R. Ravikanth Reddy
NCERT conducts survey to gauge
the learning achievement of class five children
HYDERABAD: More the mother is educated, the better the knowledge levels of children. Education of a mother has a big impact on children than their father’s education.
This was one of the key findings of the Mid Term National Survey, conducted by the National Council of Educational Research Training (NCERT) to gauge the learning achievement of class five children.
Children’s achievement increased by seven to 11 per cent across subjects as the level of fathers’ education increased from illiterate to graduation. At the same time, children’s achievement increased by nine to 13 per cent as mothers’ education level increased from illiterate to graduation and higher.
Though the percentage of increase looks smaller given the volume of school-going children in the country, it is very significant.
The survey was conducted in 33 States apart from Union Territories covering 84,322 students, 14,810 teachers and 6,828 schools across 266 districts in the country.
In A.P., it had covered 3,756 students, 468 teachers and 306 schools across 11 districts.
The role of supplementary reading material also made a significant contribution in increasing learning abilities. It was found that children’s achievement in language increased by eight per cent when they had access to newspapers and other supplementary reading material.
Participation of community also had a positive effect, the survey report stated, which found that the mean achievement of school increased by two per cent wherever the community participated in school activities.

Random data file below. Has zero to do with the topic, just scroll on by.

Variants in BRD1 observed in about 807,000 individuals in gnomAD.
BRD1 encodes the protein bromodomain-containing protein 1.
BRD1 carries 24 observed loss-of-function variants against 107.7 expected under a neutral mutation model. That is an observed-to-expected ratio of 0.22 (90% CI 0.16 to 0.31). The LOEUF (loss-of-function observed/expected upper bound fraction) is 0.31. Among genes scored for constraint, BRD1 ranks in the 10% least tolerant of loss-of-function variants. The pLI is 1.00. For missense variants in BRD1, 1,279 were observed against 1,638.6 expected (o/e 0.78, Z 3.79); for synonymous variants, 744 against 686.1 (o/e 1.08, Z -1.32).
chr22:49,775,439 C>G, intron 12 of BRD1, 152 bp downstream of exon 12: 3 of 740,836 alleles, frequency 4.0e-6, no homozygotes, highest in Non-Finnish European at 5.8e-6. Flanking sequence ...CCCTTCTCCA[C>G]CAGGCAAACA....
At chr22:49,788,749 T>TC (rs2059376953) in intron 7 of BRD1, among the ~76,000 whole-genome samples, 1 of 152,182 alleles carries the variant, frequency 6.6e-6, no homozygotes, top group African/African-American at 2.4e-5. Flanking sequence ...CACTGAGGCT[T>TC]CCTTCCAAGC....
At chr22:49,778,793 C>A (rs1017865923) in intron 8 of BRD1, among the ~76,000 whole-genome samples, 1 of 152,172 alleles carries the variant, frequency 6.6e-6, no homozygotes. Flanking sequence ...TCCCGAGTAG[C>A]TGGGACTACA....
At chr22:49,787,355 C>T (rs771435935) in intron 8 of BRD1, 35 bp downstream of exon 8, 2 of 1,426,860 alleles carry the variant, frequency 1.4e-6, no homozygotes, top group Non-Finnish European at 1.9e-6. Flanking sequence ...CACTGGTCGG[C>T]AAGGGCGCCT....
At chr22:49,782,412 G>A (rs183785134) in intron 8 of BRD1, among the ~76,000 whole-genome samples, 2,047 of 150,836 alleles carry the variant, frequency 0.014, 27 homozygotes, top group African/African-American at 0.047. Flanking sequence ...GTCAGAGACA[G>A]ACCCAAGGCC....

Schools are nothing but reflection of quality of teachers, survey figures indicated. Single teacher schools fared badly and scored a notable four per cent less than schools where there were more than five teachers. And it was not limited to just one subject but more number of teachers per school and community participation had significant impact on children’s achievement across subjects.
Language also plays an important role in the learning abilities. It was found that children scored three per cent higher when the language used at home and school was the same. The finding may not go well with arguments that introduction of English medium will do wonders among rural children who mostly converse in their mother-tongue at home with almost negligible use of English.
The survey tested the learning achievement of all essential competencies and concepts taught in major curricular areas at class five level in Mathematics, Environmental Studies (EVS) and Languages.
It concluded that schools that enjoyed better infrastructure and facilities like television, computer, more number of teachers, community participation and monitoring of school altogether contributed 10 per cent more in EVS, 8.4 per cent better in Mathematics and 19.6 per cent better in Languages.